Module Monolith

module Gen : sig ... end

The submodule Gen offers facilities for generating values of many common types. It draws data from the file whose name is supplied on the command line. (If no file name is supplied, it draws random data from OCaml's Random module.)

type document = PPrint.document
module Print : sig ... end

The submodule Print offers a few facilities for printing OCaml values and expressions. It is meant to serve as a complement for the modules PPrint and PPrint.OCaml, which are part of the library pprint.

type 'a code

A value of type 'a code is a value of type 'a that is able to produce (on demand) a piece of OCaml code for itself. This code is represented as a string, which must form a valid OCaml expression (and must be surrounded with parentheses, if necessary).

val code : document Stdlib.Lazy.t -> 'a -> 'a code

The function code is a constructor for the type 'a code.

type 'a postcondition = 'a -> diagnostic
and diagnostic =
| Valid
| Invalid of document -> document
type (_, _) spec

A specification of type ('r, 'c) spec describes an operation (or, more generally, a value) whose type on the reference side is 'r and whose type on the candidate side is 'c.

val declare_concrete_type : ?⁠print:('t -> document) -> ?⁠equal:('t -> 't -> bool) code -> string -> ('t't) spec

declare_concrete_type "t" declares a new concrete type named "t". This name is used in certain error messages. Which type 't is actually meant is inferred by the OCaml type-checker.

A concrete type is the same in the reference implementation and in the candidate implementation, which explains why the return type of this function is ('t, 't) spec.

The newly-declared type is not equipped with a generator; this can be done separately by using &&& or &&@. It is important to equip a concrete type with a generator (only) if this type is used to describe an input in a specification.

The newly-declared type may be equipped with an equality test, represented by the optional argument equal. If this argument is omitted, OCaml's polymorphic equality is used. It is important to equip a concrete type with an equality only if this type is used to describe an output in a specification. The newly-declared type may be equipped with a printer, represented by the optional argument print. This argument is required in almost all situations. As an exception, it can be omitted if this type describes an input and if this type is later equipped with a generator via &&@.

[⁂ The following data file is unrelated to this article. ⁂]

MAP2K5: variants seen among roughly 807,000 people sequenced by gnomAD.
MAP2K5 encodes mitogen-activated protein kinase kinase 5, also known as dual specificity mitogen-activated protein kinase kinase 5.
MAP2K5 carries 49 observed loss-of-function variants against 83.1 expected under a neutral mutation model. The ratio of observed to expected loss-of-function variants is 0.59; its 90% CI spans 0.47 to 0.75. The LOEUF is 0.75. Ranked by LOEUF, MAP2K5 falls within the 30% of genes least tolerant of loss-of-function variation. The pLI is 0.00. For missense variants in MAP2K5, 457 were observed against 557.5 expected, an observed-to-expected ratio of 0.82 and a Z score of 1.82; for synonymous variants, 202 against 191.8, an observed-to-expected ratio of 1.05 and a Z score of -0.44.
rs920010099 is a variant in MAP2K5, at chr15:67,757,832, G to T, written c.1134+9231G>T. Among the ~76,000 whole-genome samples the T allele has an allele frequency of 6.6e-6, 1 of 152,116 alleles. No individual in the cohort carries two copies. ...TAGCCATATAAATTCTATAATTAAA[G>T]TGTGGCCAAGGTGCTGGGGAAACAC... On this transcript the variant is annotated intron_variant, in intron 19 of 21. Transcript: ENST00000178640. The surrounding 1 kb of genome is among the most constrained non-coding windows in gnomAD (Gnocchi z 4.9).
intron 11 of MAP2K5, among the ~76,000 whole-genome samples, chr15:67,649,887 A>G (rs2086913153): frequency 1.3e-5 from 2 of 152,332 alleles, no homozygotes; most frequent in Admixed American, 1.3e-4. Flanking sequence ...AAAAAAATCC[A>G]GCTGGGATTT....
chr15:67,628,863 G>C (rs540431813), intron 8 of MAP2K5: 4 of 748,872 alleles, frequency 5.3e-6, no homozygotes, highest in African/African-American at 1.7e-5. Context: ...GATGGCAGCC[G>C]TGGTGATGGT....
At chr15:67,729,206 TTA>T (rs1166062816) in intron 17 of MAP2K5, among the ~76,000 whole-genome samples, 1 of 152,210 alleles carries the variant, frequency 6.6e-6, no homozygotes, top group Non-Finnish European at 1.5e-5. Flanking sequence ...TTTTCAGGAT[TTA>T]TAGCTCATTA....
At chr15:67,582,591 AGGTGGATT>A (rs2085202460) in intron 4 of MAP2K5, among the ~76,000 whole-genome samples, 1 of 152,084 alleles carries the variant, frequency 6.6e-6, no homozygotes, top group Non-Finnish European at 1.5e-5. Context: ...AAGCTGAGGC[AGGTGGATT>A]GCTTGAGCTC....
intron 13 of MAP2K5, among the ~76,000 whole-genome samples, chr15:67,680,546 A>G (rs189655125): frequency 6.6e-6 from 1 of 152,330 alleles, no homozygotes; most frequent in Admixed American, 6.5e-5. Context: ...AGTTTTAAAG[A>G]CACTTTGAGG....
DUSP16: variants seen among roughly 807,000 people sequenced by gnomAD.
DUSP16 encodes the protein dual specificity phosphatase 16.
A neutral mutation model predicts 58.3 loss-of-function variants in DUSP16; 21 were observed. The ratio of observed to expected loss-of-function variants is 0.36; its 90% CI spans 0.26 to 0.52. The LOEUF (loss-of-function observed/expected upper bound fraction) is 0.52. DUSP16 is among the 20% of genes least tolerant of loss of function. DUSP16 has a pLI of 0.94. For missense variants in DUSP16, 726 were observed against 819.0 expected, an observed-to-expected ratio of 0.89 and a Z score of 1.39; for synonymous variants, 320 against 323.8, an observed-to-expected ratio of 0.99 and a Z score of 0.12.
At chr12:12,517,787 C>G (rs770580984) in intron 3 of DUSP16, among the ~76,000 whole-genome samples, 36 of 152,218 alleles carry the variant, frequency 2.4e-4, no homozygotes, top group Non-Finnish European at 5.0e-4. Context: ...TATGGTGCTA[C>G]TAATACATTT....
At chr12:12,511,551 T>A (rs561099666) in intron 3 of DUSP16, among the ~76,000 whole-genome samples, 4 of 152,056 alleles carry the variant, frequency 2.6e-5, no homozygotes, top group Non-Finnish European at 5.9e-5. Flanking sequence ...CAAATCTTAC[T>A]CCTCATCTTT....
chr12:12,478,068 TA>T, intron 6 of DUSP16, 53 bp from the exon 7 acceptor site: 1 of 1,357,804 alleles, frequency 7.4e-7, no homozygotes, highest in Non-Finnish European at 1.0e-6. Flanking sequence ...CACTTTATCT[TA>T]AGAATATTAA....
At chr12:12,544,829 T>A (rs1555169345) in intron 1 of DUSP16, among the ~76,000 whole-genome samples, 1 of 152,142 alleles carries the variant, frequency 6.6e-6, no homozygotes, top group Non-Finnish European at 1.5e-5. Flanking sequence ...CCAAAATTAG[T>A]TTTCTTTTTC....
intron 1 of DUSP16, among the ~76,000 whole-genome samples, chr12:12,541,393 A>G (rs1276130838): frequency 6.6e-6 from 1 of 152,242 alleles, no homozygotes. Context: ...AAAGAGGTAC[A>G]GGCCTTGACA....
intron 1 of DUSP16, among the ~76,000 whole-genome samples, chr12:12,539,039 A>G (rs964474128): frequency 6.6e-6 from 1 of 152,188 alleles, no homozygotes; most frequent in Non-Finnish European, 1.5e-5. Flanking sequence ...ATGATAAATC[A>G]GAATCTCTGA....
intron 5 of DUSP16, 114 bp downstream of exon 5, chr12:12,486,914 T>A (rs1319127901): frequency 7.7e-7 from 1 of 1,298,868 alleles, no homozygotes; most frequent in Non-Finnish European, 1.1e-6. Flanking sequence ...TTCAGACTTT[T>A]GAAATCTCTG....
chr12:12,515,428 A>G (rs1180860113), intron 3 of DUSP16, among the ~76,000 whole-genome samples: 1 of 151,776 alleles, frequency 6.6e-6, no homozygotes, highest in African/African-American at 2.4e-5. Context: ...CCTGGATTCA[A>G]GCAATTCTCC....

val declare_abstract_type : ?⁠check:('r -> ('c -> unit) code) -> ?⁠var:string -> string -> ('r'c) spec

declare_abstract_type "t" declares a new abstract type named "t". This name is used in certain error messages. Which types 'r and 'c are actually meant, in the reference implementation and in the candidate implementation, is inferred by the OCaml type-checker.

An abstract type may be implemented in different ways in the reference implementation and in the candidate implementation, which explains why the return type of this function is ('r, 'c) spec. For instance, a sequence may be represented as a linked list in the reference implementation and as a resizeable array in the candidate implementation.

The newly-declared type may be equipped with a check function. This function is invoked by the system after every operation, and is applied to every data structure of type "t" that is currently at hand. The check function has access both to the reference data structure (the "model") and to the candidate data structure. It is expected to have no effect if all is well and to fail by raising Assertion_failure _ if something is wrong. It is up to the user to decide how much checking should be performed. Checking nothing at all is permitted. Checking that the candidate data structure seems well-formed is a common strategy. Checking that the candidate data structure is well-formed and is in agreement with its model is the most comprehensive check that can be performed.

The optional parameter var is a base name that is used for variables of type "t". If it is omitted, the first letter of the type's name is used.

val (&&&) : ('t't) spec -> (unit -> 't) -> ('t't) spec

The operator &&& equips a concrete type with a generator. In an application t &&& g, t should be a concrete type produced by declare_concrete_type, and g should be a generator for this type. Equipping a concrete type with a generator is required when this type is used to describe an input.

val (&&@) : ('t't) spec -> (unit -> 't code) -> ('t't) spec

The operator &&@ equips a concrete type with a generator and (at the same time) with a printer for the generated values. In an application t &&@ g, the function g must have type unit -> 't code, which means that must be able to produce not only a value of type 't, but also, on demand, OCaml code for this value.

This feature can be used to declare an OCaml function type as a concrete type (thus working around the fact that a value of a function type cannot be printed).

val unit : (unit, unit) spec

unit represents the concrete type unit. It has been predeclared using declare_concrete_type.